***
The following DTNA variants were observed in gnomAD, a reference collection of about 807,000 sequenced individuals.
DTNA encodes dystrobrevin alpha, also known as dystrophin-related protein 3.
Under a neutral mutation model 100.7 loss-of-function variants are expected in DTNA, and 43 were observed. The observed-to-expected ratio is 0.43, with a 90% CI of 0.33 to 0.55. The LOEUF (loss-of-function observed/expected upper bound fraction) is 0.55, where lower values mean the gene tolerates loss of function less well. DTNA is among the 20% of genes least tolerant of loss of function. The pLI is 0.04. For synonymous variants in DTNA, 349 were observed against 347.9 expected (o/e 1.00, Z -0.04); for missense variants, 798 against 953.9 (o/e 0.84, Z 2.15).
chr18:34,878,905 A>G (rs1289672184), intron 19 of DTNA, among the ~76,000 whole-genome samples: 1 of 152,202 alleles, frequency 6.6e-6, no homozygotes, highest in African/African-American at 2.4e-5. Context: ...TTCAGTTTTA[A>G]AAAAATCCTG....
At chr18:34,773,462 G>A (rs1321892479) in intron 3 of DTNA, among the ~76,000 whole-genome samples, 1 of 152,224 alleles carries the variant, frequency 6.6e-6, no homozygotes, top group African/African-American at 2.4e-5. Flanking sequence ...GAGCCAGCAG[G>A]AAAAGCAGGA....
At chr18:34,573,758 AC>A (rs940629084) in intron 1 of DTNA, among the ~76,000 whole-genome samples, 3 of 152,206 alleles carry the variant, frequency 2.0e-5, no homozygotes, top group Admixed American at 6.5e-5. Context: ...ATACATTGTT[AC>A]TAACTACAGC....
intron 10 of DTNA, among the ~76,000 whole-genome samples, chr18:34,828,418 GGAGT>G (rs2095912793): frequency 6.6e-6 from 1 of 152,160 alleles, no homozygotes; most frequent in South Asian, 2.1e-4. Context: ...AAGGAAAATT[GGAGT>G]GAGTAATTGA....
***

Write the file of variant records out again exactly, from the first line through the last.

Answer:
The following DTNA variants were observed in gnomAD, a reference collection of about 807,000 sequenced individuals.
DTNA encodes dystrobrevin alpha, also known as dystrophin-related protein 3.
Under a neutral mutation model 100.7 loss-of-function variants are expected in DTNA, and 43 were observed. The observed-to-expected ratio is 0.43, with a 90% CI of 0.33 to 0.55. The LOEUF (loss-of-function observed/expected upper bound fraction) is 0.55, where lower values mean the gene tolerates loss of function less well. DTNA is among the 20% of genes least tolerant of loss of function. The pLI is 0.04. For synonymous variants in DTNA, 349 were observed against 347.9 expected (o/e 1.00, Z -0.04); for missense variants, 798 against 953.9 (o/e 0.84, Z 2.15).
chr18:34,878,905 A>G (rs1289672184), intron 19 of DTNA, among the ~76,000 whole-genome samples: 1 of 152,202 alleles, frequency 6.6e-6, no homozygotes, highest in African/African-American at 2.4e-5. Context: ...TTCAGTTTTA[A>G]AAAAATCCTG....
At chr18:34,773,462 G>A (rs1321892479) in intron 3 of DTNA, among the ~76,000 whole-genome samples, 1 of 152,224 alleles carries the variant, frequency 6.6e-6, no homozygotes, top group African/African-American at 2.4e-5. Flanking sequence ...GAGCCAGCAG[G>A]AAAAGCAGGA....
At chr18:34,573,758 AC>A (rs940629084) in intron 1 of DTNA, among the ~76,000 whole-genome samples, 3 of 152,206 alleles carry the variant, frequency 2.0e-5, no homozygotes, top group Admixed American at 6.5e-5. Context: ...ATACATTGTT[AC>A]TAACTACAGC....
intron 10 of DTNA, among the ~76,000 whole-genome samples, chr18:34,828,418 GGAGT>G (rs2095912793): frequency 6.6e-6 from 1 of 152,160 alleles, no homozygotes; most frequent in South Asian, 2.1e-4. Context: ...AAGGAAAATT[GGAGT>G]GAGTAATTGA....